• FIG. 11A to which reference is now made illustrates a typical embodiment for hub 205 through an intermediate iframe [a] which uses an internal communication application programming interface (API) to contact website building system 30. This way messages [c] sent (for example) from the TPA [d] to the TPA [e] (which use communication API modules [f] and [g] respectively) may be analyzed, verified or modified in ways which apply application-specific knowledge.
  • An alternative embodiment as is illustrated in FIG. 11B to which reference is now made does not use an intermediate iframe, but rather uses cross-domain communication in one or both of the communication API modules [a] and [b] (embedded into the third party applications [c] and [d] respectively). The modules [a] and [b] interact directly with website building system 30 to receive application-specific knowledge and use it when handling the communication message [f]. This embodiment has the disadvantage (compared to the embodiment shown in FIG. 11A) in that considerable amount of website building system 30 level information may be processed inside a module included in a third party application, and this information might be accessed (or even modified) by a malicious third party application.
  • As discussed herein above, in all the cross-communication methods described herein above, iframe addressing is based on the origin of the iframe (including source domain, protocol and port i.e. using direct third party application 40 addressing when sending a message (to specify the recipient) as well as when receiving a message (as the name of the sender provided to the recipient). In addition message sending requires the sender to specify the target iframe window (using JavaScript's document.getElementById(“ . . . ”).contentWindow call or any other method). Thus, in existing systems, each third party application 40 must contain the full and specific details of any other third party application 40 with which it may communicate (including domain, protocol, port and iframe ID).
  • It will be appreciated that this type of direct addressing may be unwieldy in the environment of system 100. Even though designer 5 may integrate third party applications 40 from multiple non-coordinated third party application 40 vendors, third party application 40 vendors may supply third party applications 40 which are hosted in given domain, but are later moved to a different domain or sub-domain. A third party application 40 vendor may change the protocol or port used to contact any given third party application. Designer 5 may be required to modify the design of containing web page 203 containing third party application 40. All of these may occur in the third party applications 40 used in a web site which is operational and is being accessed by numerous users. In addition, a single containing web page 203 may include multiple instances of one third party application 40 which may serve different functions. For example, a single page in a product support web site might contain two chat third party application 40 instances—one for user-to-user chat and forum, and one used to converse with a vendors' support person when available.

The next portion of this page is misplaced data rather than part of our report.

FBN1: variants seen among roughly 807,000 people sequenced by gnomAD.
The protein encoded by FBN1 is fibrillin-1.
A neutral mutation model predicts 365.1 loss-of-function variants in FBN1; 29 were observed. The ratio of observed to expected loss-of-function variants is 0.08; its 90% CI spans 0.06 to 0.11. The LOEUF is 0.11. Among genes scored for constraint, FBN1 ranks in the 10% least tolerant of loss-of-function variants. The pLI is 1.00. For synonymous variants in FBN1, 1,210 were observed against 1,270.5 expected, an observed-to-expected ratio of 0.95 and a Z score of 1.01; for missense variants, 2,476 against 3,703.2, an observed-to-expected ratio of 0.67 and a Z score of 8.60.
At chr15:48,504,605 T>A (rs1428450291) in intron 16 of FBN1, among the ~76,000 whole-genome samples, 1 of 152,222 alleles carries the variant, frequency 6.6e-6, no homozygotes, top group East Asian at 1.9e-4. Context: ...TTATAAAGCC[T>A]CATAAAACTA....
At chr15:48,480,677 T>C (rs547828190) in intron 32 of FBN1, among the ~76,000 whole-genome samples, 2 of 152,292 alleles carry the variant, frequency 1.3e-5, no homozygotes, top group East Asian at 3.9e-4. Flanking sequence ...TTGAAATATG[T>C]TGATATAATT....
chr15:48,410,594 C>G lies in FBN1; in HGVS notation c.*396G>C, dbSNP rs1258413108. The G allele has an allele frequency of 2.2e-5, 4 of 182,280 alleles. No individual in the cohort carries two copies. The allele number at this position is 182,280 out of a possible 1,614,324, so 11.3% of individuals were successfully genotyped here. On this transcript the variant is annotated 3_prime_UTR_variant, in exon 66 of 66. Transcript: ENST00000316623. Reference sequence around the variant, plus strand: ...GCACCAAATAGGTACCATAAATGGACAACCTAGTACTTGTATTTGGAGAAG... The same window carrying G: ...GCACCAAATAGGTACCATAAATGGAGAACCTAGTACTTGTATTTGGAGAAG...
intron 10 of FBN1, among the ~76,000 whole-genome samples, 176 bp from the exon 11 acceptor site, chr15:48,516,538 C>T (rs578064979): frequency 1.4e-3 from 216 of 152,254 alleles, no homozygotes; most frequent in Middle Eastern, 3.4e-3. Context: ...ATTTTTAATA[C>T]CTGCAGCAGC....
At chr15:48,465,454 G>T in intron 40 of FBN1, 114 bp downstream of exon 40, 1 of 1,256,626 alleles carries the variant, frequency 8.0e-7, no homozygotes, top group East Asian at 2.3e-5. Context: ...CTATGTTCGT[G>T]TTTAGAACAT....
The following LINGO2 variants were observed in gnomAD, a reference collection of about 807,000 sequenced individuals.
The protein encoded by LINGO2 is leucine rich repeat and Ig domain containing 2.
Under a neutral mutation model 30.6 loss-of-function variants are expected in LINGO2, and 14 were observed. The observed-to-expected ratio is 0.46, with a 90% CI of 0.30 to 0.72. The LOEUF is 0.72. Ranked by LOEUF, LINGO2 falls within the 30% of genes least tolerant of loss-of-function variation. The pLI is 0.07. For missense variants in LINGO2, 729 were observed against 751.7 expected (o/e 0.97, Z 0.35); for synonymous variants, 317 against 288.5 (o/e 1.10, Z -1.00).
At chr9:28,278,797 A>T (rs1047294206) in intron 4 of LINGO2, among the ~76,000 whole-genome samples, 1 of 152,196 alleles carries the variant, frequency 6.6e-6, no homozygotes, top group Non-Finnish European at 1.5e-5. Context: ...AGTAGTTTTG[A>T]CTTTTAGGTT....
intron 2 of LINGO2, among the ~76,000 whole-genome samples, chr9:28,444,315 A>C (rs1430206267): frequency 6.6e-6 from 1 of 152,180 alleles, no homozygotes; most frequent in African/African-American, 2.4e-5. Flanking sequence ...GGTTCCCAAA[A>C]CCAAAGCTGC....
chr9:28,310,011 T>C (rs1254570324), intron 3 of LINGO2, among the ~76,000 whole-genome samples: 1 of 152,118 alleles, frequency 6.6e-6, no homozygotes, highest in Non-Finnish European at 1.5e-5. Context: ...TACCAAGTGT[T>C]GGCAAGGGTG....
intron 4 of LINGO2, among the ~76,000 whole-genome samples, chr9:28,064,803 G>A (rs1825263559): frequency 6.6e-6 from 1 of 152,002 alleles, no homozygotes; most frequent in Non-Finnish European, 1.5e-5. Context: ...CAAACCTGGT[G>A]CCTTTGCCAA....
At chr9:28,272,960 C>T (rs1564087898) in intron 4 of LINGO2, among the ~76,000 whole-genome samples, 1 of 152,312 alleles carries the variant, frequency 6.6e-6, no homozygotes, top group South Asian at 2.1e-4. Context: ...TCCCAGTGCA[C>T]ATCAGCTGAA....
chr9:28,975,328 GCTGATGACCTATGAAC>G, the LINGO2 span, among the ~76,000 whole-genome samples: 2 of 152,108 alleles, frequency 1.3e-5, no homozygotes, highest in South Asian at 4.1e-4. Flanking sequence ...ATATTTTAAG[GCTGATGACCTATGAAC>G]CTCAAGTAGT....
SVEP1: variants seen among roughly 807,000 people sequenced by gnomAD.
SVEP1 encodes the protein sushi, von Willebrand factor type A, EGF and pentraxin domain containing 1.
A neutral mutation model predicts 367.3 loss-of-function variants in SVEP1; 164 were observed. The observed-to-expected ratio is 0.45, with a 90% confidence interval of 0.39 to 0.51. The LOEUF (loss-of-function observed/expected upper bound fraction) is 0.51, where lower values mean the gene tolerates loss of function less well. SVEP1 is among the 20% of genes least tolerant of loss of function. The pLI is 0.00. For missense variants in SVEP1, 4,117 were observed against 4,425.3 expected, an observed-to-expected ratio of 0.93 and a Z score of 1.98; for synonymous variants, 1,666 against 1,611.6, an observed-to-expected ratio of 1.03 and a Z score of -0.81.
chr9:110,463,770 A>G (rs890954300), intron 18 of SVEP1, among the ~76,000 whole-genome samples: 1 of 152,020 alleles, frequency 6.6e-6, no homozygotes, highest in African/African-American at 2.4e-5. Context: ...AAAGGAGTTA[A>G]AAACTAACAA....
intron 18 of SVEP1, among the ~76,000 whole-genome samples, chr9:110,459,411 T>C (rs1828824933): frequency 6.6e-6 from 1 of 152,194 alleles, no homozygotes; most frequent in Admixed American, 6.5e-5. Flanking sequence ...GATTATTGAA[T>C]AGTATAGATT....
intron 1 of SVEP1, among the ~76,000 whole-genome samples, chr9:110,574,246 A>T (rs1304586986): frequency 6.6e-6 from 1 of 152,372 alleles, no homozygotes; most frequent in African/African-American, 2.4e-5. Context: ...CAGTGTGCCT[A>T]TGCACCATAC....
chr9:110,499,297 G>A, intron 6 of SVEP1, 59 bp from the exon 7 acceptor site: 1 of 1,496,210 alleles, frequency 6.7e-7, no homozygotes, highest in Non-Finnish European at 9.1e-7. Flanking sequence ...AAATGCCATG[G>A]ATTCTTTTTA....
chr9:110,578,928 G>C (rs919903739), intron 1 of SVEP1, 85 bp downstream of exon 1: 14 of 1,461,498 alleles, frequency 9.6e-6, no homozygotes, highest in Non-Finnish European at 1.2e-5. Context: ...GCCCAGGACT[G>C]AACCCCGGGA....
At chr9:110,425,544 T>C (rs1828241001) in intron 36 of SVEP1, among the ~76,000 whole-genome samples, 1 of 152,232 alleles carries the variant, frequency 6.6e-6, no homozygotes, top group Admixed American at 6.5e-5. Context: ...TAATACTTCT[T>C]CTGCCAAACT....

• It will be appreciated that addresser and identifier 310 may be fully aware of the structure of containing web page 203 and of the details of third party application 40 (as provided by the third party application 40 vendor to the website building system 30). Addresser and identifier 310 may provide addressing of source or target third party applications 40 to each other using any of the following: a third party application 40 unique name (as registered in AppStore 25); a third party application 40 instance descriptive ID added to each third party application 40 instance in containing web page 203 thus allowing the addressing of multiple instances of the same third party application 40; a generic identifier for a required third party application type/class (e.g. “I would like to send the message <x> to any event logging third party application 40 instance in containing web page 203”). Such an identifier may also describe the specific services which should be supported by the third party application 40. Addresser and identifier 310 may also use version indication for example: “I would like to send the transaction <x> to an instance of the accounting package <y> but only if it is of version <z>”.
  • It will be appreciated that during runtime, third party applications 40 only communicate with hub 205, and therefore only need to know direct address of hub 205, and not of any other third party application 40. This one direct address may be encapsulated by a communication API wrapper (such as communication modules f and g as is illustrated in FIG. 11A and communication modules a and b as illustrated in FIG. 11B) provided by the website building system 30 to the third party application 40 provider. The calling third party application 40 may provide the application-aware third party application 40 descriptive addresses (as described above) and addresser and identifier 310 may translate them into direct third party application 40 addresses and perform the routing. This way, third party application 40 does not need to maintain a table of the absolute addresses of all possible third party applications 40 with which it communicates.